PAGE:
I Samuel 20:27 says:

וַיְהִ֗י מִֽמָּחֳרַ֤ת הַחֹ֙דֶשׁ֙ הַשֵּׁנִ֔י וַיִּפָּקֵ֖ד מְק֣וֹם דָּוִ֑ד (ס) וַיֹּ֤אמֶר שָׁאוּל֙ אֶל־יְהוֹנָתָ֣ן בְּנ֔וֹ מַדּ֜וּעַ לֹא־בָ֧א בֶן־יִשַׁ֛י גַּם־תְּמ֥וֹל גַּם־הַיּ֖וֹם אֶל־הַלָּֽחֶם׃

And it came to pass on the morrow after the new moon, which was the second day, that David’s place was empty; and Saul said unto Jonathan his son: ‘Wherefore cometh not the son of Jesse to the meal, neither yesterday, nor to-day?’

Rashi on I Samuel 20:27:1-2:

ממחרת החדש . ממחרת חידוש הלבנה : השני . ביום שני לחדש :

My translation of above - On the morrow of the New Moon which is the 2nd day of the month.

Metzudat David commentary concurs wuth Rash"i's explanation.

My question is how these 2 commentators know that this is the translation of the bolded words in the verse? In particular, the trope (cantillation) for מִֽמָּחֳרַ֤ת הַחֹ֙דֶשׁ֙ הַשֵּׁנִ֔י seems to make the word הַשֵּׁנִ֔י a modifier of the word הַחֹ֙דֶשׁ֙. Thus, the translation seems that it would mean "The day after the 2nd month", meaning the 2nd day of Chodesh Iyar.

I'm making this assumption of the trope translation by comparing this verse to

Exodus 19:1:

בַּחֹ֙דֶשׁ֙ הַשְּׁלִישִׁ֔י לְצֵ֥את בְּנֵי־יִשְׂרָאֵ֖ל מֵאֶ֣רֶץ מִצְרָ֑יִם בַּיּ֣וֹם הַזֶּ֔ה בָּ֖אוּ מִדְבַּ֥ר סִינָֽי׃

In the third month after the children of Israel were gone forth out of the land of Egypt, the same day came they into the wilderness of Sinai.

Similar words and trope, here, but in this case, it's translated as the third month.

Usually, Rash"i explains pshat or provides a source for his explanation. Here, his explanation does not seem to follow pshat, unless there's something evident that I'm not seeing. I'm curious if anyone provided further support or had the same or similar explanation as mine.

  • "In particular, the trope (cantillation) for מִֽמָּחֳרַ֤ת הַחֹ֙דֶשׁ֙ הַשֵּׁנִ֔י seems to make the word הַשֵּׁנִ֔י a modifier of the word הַחֹ֙דֶשׁ֙." Why do you say this? It seems to do exactly the opposite. – Double AA Apr 20 '15 at 3:44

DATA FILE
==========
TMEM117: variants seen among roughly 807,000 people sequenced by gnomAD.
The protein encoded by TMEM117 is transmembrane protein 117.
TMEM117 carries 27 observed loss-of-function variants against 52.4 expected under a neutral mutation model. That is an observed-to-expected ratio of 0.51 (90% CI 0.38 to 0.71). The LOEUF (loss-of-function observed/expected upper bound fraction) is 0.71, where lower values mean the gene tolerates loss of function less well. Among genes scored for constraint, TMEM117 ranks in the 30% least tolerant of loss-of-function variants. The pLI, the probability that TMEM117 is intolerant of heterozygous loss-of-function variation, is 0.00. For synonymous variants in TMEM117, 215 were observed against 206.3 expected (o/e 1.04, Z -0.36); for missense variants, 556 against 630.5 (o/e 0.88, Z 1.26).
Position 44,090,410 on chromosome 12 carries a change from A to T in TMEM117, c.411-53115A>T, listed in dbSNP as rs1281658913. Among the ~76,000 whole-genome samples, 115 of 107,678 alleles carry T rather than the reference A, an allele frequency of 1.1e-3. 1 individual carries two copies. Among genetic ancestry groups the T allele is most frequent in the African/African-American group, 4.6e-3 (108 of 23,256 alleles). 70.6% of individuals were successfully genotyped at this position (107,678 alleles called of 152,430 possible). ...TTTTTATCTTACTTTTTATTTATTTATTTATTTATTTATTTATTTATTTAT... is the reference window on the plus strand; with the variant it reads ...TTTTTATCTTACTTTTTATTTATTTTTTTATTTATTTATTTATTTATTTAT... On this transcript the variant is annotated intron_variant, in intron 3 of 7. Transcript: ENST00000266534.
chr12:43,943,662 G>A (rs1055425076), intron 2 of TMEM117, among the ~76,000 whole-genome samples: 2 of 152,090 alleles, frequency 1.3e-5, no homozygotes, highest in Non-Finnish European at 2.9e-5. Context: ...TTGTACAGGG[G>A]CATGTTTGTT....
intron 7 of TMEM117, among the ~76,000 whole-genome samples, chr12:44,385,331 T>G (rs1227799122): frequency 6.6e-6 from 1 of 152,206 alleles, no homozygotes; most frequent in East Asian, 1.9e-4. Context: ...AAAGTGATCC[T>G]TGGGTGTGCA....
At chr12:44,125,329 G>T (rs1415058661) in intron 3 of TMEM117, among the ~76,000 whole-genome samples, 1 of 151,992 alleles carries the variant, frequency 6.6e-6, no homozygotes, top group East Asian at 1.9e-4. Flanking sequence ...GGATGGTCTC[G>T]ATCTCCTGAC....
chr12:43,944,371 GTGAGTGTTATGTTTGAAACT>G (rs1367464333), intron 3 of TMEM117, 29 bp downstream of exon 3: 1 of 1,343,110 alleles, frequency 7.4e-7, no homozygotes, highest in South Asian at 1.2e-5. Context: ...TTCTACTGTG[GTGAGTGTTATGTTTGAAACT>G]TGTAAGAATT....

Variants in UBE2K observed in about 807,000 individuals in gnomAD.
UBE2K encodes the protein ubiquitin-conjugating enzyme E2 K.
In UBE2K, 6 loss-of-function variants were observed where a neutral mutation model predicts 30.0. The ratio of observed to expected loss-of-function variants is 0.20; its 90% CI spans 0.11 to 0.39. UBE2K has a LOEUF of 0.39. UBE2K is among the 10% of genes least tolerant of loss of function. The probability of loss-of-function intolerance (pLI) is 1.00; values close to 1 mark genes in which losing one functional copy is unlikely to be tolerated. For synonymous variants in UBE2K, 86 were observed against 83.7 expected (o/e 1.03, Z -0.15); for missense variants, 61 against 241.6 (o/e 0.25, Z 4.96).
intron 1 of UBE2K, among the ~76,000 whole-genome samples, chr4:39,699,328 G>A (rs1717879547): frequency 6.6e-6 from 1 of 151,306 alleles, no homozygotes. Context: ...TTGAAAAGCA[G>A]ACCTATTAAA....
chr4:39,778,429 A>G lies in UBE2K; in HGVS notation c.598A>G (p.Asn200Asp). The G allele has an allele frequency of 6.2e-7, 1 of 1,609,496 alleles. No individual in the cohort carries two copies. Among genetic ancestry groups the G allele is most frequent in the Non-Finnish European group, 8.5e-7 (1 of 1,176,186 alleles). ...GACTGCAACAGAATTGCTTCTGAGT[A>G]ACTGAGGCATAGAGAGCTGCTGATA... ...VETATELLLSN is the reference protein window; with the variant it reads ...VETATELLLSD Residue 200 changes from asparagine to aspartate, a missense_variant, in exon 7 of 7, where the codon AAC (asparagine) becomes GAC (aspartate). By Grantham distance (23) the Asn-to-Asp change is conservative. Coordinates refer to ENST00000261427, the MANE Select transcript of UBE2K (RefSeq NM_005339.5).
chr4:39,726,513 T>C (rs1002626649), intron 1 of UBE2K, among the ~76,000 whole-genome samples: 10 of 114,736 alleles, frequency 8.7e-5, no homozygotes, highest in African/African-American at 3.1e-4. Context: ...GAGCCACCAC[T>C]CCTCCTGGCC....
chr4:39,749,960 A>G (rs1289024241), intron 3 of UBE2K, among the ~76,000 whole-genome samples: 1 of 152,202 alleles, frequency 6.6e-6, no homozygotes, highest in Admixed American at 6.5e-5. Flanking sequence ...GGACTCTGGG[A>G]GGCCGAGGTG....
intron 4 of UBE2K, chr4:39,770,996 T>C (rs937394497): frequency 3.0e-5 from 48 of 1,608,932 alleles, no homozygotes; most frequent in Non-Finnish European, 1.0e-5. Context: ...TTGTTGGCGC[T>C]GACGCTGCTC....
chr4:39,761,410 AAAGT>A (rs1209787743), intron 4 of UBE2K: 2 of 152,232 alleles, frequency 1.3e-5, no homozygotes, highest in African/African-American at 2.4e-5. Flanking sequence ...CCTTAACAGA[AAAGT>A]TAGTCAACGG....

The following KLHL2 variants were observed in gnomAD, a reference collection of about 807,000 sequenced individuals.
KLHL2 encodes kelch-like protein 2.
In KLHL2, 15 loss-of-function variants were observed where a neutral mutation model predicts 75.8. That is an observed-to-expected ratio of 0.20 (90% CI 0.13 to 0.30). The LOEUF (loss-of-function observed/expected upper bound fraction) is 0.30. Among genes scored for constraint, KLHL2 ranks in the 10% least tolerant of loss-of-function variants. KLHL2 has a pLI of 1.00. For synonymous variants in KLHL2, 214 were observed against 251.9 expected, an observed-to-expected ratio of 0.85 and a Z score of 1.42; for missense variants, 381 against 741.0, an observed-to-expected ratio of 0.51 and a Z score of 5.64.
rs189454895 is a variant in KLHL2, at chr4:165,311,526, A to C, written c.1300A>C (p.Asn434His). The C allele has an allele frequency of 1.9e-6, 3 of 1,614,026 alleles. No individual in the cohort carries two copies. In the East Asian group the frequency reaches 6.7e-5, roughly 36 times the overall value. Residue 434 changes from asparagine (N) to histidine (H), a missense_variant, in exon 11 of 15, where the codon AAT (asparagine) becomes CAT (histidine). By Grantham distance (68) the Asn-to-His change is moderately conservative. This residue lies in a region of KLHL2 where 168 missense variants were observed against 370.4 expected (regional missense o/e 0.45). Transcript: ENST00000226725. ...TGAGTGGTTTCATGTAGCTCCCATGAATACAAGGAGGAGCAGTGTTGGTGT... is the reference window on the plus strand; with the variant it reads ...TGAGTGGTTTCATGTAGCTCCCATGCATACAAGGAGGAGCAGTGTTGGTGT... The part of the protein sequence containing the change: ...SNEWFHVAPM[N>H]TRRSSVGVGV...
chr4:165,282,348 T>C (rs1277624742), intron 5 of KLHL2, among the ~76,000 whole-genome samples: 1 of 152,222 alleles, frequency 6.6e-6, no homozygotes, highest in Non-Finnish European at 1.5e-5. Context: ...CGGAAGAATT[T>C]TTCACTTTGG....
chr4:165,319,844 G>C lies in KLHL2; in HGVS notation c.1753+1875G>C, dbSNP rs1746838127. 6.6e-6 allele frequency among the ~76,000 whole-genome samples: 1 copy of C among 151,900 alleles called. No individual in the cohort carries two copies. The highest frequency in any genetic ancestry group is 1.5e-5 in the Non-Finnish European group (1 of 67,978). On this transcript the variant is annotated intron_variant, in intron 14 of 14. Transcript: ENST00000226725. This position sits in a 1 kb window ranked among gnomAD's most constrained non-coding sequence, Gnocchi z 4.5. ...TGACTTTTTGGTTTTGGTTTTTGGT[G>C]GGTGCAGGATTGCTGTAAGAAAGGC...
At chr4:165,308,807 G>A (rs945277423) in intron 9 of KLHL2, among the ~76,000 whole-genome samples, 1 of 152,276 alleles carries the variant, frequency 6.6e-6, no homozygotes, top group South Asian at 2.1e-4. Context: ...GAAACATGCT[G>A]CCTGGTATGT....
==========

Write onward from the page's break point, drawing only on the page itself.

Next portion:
• @DoubleAA Please compare the trope on this pasuk with Shemot 19:1. Same trope with similar words. There, it means the 3rd month. – DanF Apr 20 '15 at 14:43
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    That case doesn't have a "Mimacharat". How is it parallel? In both cases, the number modifies the preceding phrase. In Shemot the preceding phrase is החדש (a month) and in Shmuel the preceding phrase is ממחרת החדש (a date). – Double AA Apr 20 '15 at 14:50

The cantillation on "מִֽמָּחֳרַ֤ת הַחֹ֙דֶשׁ֙ הַשֵּׁנִ֔י" puts "מִֽמָּחֳרַ֤ת הַחֹ֙דֶשׁ֙" together as a phrase; hence, "the day after the month". The following "הַשֵּׁנִ֔י", "the second", is then difficult, and the commentators explain it as they do (which seems very reasonable to me FWIW).

Contrast "בַּחֹ֙דֶשׁ֙ הַשְּׁלִישִׁ֔י", "in the month, the third one", with "מִֽמָּחֳרַ֤ת הַחֹ֙דֶשׁ֙ הַשֵּׁנִ֔י", "the month's morrow, the second one".

  • I'm editing my question, so you and others understand better why I made my claim about the trope. If possible, edit your answer to confirm or refute my assumption. – DanF Apr 20 '15 at 14:45
  • @DanF I'm still having trouble understanding what you saw in the trope that I could confirm or deny any assumption(s) about how the trope works. – Double AA Apr 20 '15 at 15:13
  • @DoubleAA - That's fair. I gave a contrasting example from Shemot. The question related to the trope came from an explanation from my rav when I posed him my question. He translated the Shmu'el verse as meaning "the 2nd month", as he saw no pause between the pashta & zakef. (CYLOR, won't work for me, here, and, yes, I know M.Y. is not a substitute. Then, again, I'm not asking for p'sak, here :-) I'm fine if you don't know the answer. Perhaps, someone else does. – DanF Apr 20 '15 at 15:22
  • @DanF Better now? – msh210 Apr 20 '15 at 15:27
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    @DanF Please explain your issues in the question post, not down here. When you do so please clarify because I don't know what you mean by "no pause between the pashta & zakef" as pashta is a pause itself, so I'm confused... – Double AA Apr 20 '15 at 15:30

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